I’ve had a lot of people ask me about the use of .22LR guns for self-defense and home protection. My answer is that they beat harsh language. The .22 was never ever intended for defense work. It was designed from the get go to be a sporting cartridge, and in that arena it does very well. The .22LR is probably the greatest single cartridge ever invented for sport. For self-defense it is just about the worst, being trumped for the honor of worst of the worst by the .25ACP. More on the .25ACP in a second.
I work at a gunshop, one of the largest in the state of Utah. We have a huge selection of handguns that spans just about everything you could ever want. And if we don’t have it, we can get it for you. We have Kahr PM9s, Walther PPKs, Glock 26s, CZ RAMIs… and tons of other great guns for the specific purpose of concealed carry. But you would not believe how many Walther P22s I sell for protection. I am amazed! I try to hook up the buyer with something more suitable, but they won’t have it. The Walther is so small and light… Yeah? So is an Airweight .38 you nitwit! Seriously, I advise everyone to forget the .22 as a weapon. The only exception to that is the NAA Mini Revolvers, which because of the sheer lack of size are in a category all by themselves. You can carry those little things between your toes.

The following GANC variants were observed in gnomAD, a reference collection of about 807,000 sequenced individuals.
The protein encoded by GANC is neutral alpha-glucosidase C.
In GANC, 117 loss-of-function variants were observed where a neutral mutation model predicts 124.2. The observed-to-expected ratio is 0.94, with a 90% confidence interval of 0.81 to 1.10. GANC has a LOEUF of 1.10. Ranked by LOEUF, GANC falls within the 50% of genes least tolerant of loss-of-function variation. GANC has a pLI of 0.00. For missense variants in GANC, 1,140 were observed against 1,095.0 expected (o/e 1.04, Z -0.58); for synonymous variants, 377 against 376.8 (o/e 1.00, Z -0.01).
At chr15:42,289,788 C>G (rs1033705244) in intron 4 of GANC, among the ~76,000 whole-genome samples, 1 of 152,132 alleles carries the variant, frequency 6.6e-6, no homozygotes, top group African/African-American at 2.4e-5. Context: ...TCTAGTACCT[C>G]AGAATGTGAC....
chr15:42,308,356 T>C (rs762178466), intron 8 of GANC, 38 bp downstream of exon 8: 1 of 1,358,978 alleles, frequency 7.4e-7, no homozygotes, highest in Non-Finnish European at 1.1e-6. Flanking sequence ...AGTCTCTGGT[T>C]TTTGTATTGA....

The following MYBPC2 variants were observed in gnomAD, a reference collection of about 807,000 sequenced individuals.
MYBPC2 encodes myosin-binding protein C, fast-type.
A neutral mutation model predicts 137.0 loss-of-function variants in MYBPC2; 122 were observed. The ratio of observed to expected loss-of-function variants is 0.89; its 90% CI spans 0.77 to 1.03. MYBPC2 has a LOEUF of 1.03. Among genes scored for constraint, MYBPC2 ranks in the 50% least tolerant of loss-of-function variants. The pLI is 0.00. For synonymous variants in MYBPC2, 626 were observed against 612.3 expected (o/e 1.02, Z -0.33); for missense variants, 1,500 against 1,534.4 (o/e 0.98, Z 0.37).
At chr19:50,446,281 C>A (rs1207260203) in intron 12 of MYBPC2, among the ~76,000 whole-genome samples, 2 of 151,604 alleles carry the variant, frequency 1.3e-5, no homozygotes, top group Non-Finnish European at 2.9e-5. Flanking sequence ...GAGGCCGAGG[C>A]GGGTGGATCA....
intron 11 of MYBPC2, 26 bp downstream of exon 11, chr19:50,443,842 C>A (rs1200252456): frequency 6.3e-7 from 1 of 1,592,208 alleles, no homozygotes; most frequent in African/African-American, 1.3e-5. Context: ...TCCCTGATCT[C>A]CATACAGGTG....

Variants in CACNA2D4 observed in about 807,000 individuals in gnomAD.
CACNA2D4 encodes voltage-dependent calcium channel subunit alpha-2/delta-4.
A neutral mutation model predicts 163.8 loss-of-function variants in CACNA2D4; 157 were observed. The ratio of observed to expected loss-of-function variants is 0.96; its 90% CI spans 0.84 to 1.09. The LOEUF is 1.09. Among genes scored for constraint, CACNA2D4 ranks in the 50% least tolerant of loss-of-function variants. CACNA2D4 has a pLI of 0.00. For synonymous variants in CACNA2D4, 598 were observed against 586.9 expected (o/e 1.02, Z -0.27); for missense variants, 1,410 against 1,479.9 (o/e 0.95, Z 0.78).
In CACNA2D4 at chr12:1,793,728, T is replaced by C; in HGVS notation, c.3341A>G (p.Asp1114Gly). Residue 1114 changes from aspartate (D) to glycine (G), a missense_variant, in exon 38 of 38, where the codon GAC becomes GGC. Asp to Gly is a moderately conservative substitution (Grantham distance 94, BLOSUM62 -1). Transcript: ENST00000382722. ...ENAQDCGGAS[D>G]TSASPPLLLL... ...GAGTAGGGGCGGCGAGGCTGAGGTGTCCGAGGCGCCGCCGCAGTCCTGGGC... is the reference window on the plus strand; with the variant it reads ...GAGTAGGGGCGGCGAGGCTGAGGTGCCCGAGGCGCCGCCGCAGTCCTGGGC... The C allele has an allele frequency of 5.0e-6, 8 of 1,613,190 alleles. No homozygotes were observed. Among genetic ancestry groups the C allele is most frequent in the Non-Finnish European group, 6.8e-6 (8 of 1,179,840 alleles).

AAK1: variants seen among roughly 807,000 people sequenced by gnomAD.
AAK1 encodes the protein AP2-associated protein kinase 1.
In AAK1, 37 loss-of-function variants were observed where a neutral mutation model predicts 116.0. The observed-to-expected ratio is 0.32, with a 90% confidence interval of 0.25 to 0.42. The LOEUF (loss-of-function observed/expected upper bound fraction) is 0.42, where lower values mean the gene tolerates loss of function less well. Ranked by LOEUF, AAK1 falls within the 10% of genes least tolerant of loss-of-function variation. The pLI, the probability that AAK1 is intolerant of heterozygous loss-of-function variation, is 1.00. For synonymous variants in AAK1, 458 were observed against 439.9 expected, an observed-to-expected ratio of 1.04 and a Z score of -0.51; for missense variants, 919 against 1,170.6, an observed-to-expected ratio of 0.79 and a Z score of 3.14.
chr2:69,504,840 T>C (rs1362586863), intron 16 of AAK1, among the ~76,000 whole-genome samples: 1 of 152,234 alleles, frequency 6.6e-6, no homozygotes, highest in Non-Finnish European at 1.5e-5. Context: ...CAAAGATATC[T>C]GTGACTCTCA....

Now, if you insist upon packing a .22 for defense, at least pack a small one like the Bobcat. It is just about as small as an auto pistol can get without being ridiculous. The magazine holds 8 rounds and you have an easy to use tip up barrel to load the chamber so you don’t have to work the slide. You tip the barrel up, load the chamber, and click the barrel locked shut again. Done. Your weapon is hot.
For ammunition to feed your Bobcat, I recommend CCI ammo. Stingers, Velocitors, or Mini Mags–your choice. I prefer the Velocitors because they use a heavier bullet and this offers better penetration. A defensive .22 is all about penetration. Don’t even worry about hollowpoint expansion. Even a perfectly expanded .22 isn’t going to do enough to bother with; you want your rounds to stab deep. The heavier load also cycled the stiff Bobcat action with greater authority and reliability. I’ve had no malfunctions with my Bobcat on a strict Velocitor diet.